Seeding oceans with iron may not confer promised climate benefits

May 15, 2014
Seeding oceans with iron may not confer promised climate benefits
Ocean fertilisation.

Adding iron to the Southern Ocean may not have the climate benefits that advocates of geoengineering have hoped for, a new study suggests.

The theory is to fertilise plankton so they absorb more carbon from the atmosphere and thereby slow down climate change. But researchers found that natural patterns mean most of the carbon probably wouldn't stay put for long enough for a significant effect on the climate.

Simulations show that even if this method succeeds in absorbing carbon from the atmosphere and sinking it a kilometre beneath the Antarctic waters, currents may mean it only stays there for a few decades.

'This adds to the evidence that iron fertilisation is never going to be the one solution to the problem of climate change, though there are still a few places it could be useful,' says Josie Robinson, a PhD student at the University of Southampton and National Oceanography Centre and lead author of the paper, which appears in Geophysical Research Letters. 'Even if all the problems that have already been pointed out with it were somehow solved, we've shown that ocean circulation will limit any benefits.'

Robinson and her co-authors used a high-resolution 3D model of ocean circulation to simulate the movement of carbon that had been added to the Southern Ocean around Antarctica over the course of a century. By the end of that time, two thirds of the carbon had returned to the surface - on average, it took just under 38 years, far less than would be needed for any real effect on the climate.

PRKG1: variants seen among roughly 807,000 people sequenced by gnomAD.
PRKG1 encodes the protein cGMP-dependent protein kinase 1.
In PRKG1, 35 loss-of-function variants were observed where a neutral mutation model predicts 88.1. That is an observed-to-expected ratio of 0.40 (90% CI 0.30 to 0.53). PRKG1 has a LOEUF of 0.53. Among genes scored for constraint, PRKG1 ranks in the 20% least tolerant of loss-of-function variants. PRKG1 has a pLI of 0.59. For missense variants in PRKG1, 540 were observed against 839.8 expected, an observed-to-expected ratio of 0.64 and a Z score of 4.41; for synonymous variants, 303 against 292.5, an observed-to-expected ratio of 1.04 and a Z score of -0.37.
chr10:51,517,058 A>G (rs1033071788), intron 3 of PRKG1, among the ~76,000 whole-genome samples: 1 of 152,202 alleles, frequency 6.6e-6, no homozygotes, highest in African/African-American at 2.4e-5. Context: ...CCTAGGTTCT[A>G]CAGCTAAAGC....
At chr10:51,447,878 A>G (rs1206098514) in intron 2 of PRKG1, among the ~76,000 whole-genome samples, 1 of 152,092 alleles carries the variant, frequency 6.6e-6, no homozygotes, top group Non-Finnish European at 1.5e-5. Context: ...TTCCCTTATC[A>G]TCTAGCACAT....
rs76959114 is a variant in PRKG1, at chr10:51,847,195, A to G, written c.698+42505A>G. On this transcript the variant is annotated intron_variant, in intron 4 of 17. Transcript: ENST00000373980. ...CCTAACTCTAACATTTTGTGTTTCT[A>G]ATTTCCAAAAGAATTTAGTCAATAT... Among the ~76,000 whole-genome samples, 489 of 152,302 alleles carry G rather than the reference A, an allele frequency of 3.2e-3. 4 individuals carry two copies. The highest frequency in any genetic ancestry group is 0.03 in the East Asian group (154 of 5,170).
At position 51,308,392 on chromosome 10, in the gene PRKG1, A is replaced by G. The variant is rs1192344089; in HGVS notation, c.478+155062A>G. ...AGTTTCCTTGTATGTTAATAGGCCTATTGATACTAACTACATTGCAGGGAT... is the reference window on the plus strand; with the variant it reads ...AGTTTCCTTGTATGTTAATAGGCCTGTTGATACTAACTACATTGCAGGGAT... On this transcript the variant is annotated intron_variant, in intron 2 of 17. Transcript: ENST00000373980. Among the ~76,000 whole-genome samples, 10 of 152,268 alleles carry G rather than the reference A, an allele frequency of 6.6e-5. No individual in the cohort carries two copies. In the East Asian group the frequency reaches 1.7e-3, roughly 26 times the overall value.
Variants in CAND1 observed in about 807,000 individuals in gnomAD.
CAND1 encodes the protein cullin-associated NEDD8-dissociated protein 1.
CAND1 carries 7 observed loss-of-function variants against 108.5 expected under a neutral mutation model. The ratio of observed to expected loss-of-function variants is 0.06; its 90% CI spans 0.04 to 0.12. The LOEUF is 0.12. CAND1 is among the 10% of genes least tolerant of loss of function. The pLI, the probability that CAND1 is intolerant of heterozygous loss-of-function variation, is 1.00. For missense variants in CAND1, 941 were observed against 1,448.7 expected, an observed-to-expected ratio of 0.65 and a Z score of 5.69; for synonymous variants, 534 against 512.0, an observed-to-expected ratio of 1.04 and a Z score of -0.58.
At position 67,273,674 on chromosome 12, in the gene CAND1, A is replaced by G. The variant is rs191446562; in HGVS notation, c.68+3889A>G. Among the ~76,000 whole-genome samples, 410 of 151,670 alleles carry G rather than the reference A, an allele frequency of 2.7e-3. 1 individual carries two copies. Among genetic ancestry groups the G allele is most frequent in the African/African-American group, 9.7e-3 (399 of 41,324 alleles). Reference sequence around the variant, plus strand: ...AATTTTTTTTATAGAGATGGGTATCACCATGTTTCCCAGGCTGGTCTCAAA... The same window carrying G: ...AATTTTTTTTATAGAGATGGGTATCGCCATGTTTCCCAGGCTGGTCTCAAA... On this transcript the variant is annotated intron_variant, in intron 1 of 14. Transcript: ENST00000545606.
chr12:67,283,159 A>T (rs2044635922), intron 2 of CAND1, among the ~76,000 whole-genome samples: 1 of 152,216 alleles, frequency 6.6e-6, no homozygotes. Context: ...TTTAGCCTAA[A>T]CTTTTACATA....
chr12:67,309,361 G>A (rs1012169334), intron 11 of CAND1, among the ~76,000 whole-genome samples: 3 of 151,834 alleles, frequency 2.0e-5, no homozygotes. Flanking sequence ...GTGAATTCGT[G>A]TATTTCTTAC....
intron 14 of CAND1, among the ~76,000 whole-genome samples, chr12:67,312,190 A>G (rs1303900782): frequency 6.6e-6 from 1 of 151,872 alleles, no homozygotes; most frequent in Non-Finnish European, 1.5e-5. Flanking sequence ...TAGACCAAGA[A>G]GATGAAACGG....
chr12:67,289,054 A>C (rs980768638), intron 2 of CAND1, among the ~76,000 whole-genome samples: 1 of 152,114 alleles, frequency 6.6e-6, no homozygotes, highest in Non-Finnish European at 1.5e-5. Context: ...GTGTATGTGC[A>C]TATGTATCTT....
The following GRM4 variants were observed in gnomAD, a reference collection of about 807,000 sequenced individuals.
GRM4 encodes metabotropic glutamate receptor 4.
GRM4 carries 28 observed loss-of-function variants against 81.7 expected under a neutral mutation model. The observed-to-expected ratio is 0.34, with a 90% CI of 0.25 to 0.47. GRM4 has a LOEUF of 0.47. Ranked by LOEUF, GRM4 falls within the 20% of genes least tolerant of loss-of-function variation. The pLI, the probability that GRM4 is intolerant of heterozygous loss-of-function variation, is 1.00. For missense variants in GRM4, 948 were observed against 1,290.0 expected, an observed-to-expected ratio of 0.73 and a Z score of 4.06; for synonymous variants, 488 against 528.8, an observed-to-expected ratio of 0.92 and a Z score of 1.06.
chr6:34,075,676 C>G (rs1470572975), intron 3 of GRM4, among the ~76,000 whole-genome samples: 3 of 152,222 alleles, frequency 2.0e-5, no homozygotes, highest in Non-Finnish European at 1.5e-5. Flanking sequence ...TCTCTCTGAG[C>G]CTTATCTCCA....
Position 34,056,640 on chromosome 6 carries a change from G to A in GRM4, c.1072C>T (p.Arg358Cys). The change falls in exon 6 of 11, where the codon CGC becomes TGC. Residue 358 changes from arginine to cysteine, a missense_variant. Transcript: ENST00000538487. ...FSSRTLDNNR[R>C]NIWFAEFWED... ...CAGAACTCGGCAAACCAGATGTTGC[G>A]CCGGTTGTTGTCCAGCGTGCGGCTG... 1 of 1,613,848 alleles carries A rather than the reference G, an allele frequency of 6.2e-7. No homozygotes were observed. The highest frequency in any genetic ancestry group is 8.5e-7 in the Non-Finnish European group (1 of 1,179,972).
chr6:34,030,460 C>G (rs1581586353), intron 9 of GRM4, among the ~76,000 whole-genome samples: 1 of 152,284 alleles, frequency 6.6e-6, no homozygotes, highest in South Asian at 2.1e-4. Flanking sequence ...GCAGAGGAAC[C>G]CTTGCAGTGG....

So-called ocean iron fertilisation (OIF) has been seen as a strong candidate for geoengineering - modifying some aspect of the land, ocean or atmosphere to soften the blow of global warming. It would involve feeding iron into parts of the ocean where its absence is the major factor limiting plankton growth – that is, where other vital nutrients are plentiful but iron is scarce.

This video is not supported by your browser at this time.
Video showing the movement of the particles by which the carbon from iron fertilisation were represented using the oceanographic model. Each dot represents one particle; its colour represents its depth underwater.

Filling this gap could create huge blooms of plankton as these tiny marine plants feast on the sudden banquet, absorbing large amounts of carbon from the air. When the plankton die, would-be-geoengineers hope this carbon will sink down with their bodies and be trapped for millennia in the mud of the seabed, where it can't affect the climate. The Southern Ocean is one of the biggest iron-deficient areas on Earth, so it's been a popular candidate for iron fertilisation.

The idea seems plausible, but scientists have increasingly been asking tough questions. Some have pointed out that much of the carbon absorbed by the plankton won't make it to the seabed; instead, it will decompose on the way down and come right back to the surface to be released to the atmosphere.

The new study goes one step further by looking at the problem from the perspective of a physical oceanographer rather than a marine biologist or biogeochemist. They started out from the assumption that these problems have been solved, so that carbon from a plankton bloom has somehow got down to a kilometre beneath the surface; they then asked how long it would stay there.

'Other studies have looked at ocean circulation alongside marine biology, interactions between the sea surface and the atmosphere, and lots of other things,' says Robinson. 'We just concentrated on the ocean circulation, which meant we could use a much higher-resolution model than they could, and that gives us a much better understanding of how carbon would behave after reaching the deep ocean.'

It turns out that some of the very factors that make the Southern Ocean an attractive target for iron fertilisation also mean this probably wouldn't have much lasting benefit. Water that's rich in nutrients other than iron wells up here from the deep sea to the surface, and it's this that means only need a little iron to form large blooms. But these upwelling currents also pump deep carbon back into shallow waters where it can escape into the air.